North Korea’s Systematic, Widespread and Gross Human Rights Violations Demand International Action

Posted by Tom Malinowski
April 17, 2014
South Koreans Hold a Rally for Human Rights in North Korea on April 14, 2014

Today, members of the UN Security Council met to discuss the findings of the UN Commission of Inquiry on Human Rights in North Korea and to hear compelling personal testimony from survivors Shin Dong-hyuk and Hyeon Seo-lee.  While the members of the Security Council have spent countless hours considering the threat North Korea's nuclear program poses to international peace and security, today for the first time they also contemplated the systematic, widespread and gross human rights violations that North Korea is committing against its own people, many of which the Commission found amount to crimes against humanity.  These egregious human rights violations, including one of the world's last remaining systems of forced labor camps and penal colonies, have long been abetted -- and hidden -- by the North Korean government’s policy of isolating its people from the world.  That veil has been lifted.

For years the prevailing notion has been that the North Korean regime does not care what the world thinks about its human rights violations, and that therefore efforts to confront it will be futile.  One of the most illuminating passages in the Commission’s report reveals that this assumption is not true.  According to the report, North Korea's Supreme Leader has issued standing orders to kill all labor camp inmates "in the case of war or revolution, in order to eradicate the primary evidence of the existence of the camps and the conditions prevailing therein." A regime that would go to such lengths to cover its human rights violations must on some level recognize that they are a source of shame, for which it could be held accountable.  That is all the more reason to shine a light on what is happening inside North Korea.

The Commission's report has put North Korea's leaders on notice that they can no longer hide the truth.  No matter how many witnesses they may cause to disappear, the world knows that over 100,000 North Koreans are held captive in camps beset by starvation and brutal abuse.  We know that hundreds of thousands, if not millions, of North Koreans have perished from preventable hunger, including innocent children and members of vulnerable groups.  We know that the alleged sins of one person in North Korea can condemn his or her entire family to a lifetime of persecution.  We know that generations of North Koreans have endured a system that seeks to control every aspect of their lives, denying them not just the right to demand an alternative way of life, but the ability even to imagine one.  And we know that it is in part to protect this system that the North Korean regime seeks to maintain, through confrontation and provocation, the division of the Korean Peninsula.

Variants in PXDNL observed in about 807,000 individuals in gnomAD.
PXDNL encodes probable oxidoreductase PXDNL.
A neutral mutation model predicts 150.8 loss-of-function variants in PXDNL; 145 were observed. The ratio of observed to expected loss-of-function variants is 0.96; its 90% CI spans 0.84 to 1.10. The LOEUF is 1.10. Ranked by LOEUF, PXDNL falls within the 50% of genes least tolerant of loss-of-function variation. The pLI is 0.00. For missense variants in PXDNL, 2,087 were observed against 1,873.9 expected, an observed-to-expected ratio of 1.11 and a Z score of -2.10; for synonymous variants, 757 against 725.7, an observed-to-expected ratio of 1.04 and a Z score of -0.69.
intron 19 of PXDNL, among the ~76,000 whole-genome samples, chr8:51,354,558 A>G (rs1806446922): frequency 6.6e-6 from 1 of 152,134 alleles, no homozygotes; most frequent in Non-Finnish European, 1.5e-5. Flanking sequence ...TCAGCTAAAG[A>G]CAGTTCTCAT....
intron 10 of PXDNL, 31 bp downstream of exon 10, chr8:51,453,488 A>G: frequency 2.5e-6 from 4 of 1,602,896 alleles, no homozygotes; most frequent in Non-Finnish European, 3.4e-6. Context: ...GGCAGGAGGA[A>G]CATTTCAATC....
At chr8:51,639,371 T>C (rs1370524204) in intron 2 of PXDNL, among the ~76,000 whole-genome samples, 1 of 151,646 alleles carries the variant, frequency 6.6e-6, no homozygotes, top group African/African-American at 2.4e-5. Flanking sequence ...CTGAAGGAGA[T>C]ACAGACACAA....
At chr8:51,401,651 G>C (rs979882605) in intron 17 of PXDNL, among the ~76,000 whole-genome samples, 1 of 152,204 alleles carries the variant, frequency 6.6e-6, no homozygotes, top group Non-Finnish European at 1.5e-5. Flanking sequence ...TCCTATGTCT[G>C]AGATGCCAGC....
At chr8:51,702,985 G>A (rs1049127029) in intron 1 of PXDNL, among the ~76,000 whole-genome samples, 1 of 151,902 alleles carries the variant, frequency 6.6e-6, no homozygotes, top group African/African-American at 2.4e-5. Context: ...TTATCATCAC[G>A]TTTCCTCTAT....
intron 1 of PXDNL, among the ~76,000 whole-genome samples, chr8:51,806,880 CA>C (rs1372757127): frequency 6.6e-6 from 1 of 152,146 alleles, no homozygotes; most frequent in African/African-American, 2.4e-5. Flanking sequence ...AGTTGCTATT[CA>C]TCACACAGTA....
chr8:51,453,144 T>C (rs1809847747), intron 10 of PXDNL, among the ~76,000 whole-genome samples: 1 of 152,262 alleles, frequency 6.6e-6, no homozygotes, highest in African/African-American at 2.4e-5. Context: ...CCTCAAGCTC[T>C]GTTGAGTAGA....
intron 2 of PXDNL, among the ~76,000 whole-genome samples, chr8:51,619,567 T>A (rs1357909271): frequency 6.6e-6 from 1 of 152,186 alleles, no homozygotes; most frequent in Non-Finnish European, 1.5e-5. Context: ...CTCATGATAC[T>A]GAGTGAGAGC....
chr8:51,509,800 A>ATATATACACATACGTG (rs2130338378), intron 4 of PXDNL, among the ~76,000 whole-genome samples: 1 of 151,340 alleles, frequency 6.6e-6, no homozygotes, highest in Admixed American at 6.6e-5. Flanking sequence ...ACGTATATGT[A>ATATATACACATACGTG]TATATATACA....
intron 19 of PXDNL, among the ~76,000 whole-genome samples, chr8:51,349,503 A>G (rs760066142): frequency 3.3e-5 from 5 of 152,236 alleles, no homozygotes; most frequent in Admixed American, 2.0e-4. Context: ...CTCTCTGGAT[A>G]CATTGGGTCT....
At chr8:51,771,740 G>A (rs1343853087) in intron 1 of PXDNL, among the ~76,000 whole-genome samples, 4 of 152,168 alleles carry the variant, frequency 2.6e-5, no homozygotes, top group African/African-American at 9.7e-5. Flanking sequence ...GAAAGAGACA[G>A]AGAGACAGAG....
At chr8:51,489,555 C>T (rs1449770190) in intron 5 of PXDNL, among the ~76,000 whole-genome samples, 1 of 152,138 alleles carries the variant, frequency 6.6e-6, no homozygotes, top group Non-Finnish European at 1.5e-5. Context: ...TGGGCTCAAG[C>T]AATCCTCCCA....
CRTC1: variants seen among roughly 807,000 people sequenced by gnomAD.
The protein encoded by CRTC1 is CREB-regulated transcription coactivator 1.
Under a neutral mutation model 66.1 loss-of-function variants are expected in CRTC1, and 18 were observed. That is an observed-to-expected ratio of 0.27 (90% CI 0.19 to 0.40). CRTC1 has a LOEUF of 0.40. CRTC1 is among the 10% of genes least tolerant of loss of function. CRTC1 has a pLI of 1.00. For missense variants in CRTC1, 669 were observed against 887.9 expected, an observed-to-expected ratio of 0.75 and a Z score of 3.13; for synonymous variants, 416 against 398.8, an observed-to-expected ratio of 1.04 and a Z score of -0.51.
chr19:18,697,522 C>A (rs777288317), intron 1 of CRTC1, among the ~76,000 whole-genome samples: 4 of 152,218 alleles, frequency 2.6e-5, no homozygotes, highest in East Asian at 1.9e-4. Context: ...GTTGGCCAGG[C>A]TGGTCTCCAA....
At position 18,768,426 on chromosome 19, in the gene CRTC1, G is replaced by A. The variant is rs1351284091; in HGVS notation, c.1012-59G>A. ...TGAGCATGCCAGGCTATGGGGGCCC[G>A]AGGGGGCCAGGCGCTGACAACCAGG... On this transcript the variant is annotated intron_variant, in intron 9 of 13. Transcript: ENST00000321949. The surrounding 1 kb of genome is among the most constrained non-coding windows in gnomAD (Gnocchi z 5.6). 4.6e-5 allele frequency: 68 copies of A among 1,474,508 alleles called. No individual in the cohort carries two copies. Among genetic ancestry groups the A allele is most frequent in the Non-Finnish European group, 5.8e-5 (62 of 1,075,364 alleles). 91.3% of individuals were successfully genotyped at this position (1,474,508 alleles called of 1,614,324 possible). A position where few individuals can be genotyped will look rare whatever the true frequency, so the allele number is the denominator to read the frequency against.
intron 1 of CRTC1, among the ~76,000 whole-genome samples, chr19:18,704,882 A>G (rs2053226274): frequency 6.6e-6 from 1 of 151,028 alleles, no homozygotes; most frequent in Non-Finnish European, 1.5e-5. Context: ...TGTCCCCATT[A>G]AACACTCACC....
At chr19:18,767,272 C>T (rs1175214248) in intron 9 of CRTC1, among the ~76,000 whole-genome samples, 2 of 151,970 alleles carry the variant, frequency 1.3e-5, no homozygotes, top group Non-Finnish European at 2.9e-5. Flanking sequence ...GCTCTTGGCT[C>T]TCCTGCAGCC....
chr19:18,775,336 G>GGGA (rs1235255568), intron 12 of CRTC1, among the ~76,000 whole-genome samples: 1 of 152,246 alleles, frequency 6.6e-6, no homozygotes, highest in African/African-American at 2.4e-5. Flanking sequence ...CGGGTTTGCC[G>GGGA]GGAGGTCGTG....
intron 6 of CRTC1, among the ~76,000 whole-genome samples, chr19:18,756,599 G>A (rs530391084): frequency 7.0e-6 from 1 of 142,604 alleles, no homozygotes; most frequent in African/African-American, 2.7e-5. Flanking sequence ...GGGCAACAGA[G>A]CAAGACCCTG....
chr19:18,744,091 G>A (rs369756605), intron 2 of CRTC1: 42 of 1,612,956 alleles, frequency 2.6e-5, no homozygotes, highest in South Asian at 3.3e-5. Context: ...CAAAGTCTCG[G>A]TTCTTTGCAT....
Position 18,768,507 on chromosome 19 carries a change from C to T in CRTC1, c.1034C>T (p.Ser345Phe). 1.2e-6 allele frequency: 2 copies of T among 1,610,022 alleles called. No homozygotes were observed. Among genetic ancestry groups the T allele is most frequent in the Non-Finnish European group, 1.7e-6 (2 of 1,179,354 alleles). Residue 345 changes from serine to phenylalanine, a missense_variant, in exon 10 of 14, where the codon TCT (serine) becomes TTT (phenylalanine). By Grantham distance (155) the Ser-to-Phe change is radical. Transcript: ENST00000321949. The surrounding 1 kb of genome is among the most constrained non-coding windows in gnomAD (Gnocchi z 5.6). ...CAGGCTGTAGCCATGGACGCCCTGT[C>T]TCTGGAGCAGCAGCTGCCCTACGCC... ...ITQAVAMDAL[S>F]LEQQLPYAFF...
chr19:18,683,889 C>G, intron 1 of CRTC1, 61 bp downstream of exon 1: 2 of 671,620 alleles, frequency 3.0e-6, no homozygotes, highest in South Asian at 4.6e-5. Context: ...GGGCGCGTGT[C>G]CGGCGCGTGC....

That is why the United States is committed to highlighting and relieving the suffering of the North Korean people.  We worked with partners to create and then promote the work of the Commission.  We regularly facilitate the dissemination of uncensored news and information to people inside North Korea.  We seek to protect North Koreans who flee their country.  And we will support international efforts to advance justice for the victims of human rights violations in North Korea.